While the whole company of Company is not the most top notch actor or singer, you do have to give it to them for being pretty good still considering they are singing, acting AND playing an instrument. Angel Desai is particularly spunky as Marta and changes my perception of “Another Hundred People”. Heather Laws sings the fastest possible song “Getting Married Today” to hilarious effect and Barbara Walsh does the Elaine Stritch song “The Ladies Who Lunch” quite the justice considering she isn’t Elaine Stritch.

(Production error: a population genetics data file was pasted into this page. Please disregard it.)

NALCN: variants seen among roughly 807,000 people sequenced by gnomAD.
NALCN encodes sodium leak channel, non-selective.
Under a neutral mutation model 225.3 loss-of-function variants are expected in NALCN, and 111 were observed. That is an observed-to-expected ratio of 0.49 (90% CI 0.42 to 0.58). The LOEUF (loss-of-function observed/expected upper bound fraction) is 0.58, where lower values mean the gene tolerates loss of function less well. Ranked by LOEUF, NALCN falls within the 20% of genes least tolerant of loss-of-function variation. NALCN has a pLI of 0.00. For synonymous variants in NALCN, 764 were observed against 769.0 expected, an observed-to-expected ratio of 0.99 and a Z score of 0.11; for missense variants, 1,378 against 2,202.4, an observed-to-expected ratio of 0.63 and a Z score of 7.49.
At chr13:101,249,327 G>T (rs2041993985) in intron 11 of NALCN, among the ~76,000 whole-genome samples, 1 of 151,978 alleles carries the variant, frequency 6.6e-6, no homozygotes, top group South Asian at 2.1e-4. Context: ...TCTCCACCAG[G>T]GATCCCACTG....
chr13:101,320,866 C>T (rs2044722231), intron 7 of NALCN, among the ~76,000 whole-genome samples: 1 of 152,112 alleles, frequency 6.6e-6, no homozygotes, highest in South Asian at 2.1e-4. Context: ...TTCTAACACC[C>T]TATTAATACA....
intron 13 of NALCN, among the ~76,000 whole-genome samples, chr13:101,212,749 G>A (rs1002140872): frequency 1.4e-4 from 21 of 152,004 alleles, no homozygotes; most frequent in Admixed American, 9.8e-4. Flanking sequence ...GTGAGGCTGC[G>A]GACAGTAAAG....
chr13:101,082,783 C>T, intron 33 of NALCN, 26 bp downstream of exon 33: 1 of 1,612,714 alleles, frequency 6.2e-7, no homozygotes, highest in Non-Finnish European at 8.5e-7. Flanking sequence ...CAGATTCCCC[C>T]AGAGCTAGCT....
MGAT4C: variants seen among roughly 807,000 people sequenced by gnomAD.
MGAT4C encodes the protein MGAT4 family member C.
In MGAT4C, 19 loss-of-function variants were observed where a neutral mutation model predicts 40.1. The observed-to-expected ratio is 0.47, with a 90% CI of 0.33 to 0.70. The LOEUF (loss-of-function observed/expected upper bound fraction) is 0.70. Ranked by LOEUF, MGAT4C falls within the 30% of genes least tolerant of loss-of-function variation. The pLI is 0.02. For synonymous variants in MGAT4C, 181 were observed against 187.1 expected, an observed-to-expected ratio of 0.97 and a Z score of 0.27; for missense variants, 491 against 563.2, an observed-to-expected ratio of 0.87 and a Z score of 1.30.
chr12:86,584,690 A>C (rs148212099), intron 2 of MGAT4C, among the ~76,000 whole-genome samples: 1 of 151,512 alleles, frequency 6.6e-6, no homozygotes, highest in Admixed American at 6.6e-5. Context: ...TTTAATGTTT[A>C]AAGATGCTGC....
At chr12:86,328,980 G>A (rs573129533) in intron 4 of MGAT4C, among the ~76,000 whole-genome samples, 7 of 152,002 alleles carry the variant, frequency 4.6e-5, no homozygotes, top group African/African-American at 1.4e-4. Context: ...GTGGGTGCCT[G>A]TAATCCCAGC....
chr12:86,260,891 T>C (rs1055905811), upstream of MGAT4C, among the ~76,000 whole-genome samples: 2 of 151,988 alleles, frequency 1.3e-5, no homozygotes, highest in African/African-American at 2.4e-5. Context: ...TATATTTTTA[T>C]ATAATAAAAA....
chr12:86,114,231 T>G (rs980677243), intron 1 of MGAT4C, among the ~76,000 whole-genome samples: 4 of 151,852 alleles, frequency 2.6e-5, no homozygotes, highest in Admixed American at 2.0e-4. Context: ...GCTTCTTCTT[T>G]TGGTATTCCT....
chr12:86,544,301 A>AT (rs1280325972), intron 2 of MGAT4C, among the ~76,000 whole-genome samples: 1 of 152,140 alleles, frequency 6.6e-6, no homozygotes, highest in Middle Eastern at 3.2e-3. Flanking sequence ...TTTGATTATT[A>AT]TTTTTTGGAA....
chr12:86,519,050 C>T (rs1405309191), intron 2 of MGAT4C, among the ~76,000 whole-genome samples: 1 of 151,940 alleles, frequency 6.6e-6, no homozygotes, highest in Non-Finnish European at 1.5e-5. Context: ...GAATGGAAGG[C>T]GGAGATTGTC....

Still, this is really Raúl Esparza’s coming out party (apparently literally from the New York Times) as a lead since he makes the most of Bobby’s quiet desperation and takes tunes like “Marry Me a Little” “Barcelona” and “Being Alive” to make the most living Bobby I have ever seen (or heard) interpreted. Plus while I haven’t seen any other John Doyle productions with the actor-musician pairing, apparently using it in Company is probably the best use of his gimmick in bringing out fully all the artistic symbiosis the effect could reach. Simply put? The best Company one could have around.